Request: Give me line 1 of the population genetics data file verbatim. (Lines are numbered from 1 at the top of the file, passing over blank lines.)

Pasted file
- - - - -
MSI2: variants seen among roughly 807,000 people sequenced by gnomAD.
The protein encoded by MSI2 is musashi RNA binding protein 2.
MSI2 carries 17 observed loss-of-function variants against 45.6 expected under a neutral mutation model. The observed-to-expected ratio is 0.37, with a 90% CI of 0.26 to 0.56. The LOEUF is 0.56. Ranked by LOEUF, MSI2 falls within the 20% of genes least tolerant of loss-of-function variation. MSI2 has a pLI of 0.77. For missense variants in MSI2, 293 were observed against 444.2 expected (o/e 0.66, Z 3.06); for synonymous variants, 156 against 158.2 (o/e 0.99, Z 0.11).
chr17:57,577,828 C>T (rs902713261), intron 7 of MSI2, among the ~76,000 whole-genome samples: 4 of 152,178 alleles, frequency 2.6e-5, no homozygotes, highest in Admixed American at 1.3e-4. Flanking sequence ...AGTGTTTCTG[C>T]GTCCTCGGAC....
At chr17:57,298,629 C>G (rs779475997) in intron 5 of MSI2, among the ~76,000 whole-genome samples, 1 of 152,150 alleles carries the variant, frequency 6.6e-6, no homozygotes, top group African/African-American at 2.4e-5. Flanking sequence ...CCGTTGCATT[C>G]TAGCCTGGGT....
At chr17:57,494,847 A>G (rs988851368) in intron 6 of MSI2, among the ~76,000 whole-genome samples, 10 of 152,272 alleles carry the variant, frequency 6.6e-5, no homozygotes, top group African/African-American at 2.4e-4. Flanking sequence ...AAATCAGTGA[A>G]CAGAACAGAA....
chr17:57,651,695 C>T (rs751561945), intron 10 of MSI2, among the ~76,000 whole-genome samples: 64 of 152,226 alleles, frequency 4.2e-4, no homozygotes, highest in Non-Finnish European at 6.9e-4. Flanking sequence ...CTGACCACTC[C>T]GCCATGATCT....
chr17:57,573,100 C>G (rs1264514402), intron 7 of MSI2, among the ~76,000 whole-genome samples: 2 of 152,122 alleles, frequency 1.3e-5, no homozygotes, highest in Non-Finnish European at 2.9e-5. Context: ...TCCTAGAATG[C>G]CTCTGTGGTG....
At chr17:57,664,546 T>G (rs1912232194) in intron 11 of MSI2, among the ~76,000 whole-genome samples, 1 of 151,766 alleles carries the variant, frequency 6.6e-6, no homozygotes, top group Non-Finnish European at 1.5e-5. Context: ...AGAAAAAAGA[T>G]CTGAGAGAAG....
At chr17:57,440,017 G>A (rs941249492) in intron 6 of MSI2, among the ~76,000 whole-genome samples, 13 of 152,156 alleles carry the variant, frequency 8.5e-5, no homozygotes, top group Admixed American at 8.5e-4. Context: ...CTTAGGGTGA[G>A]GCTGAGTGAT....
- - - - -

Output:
MSI2: variants seen among roughly 807,000 people sequenced by gnomAD.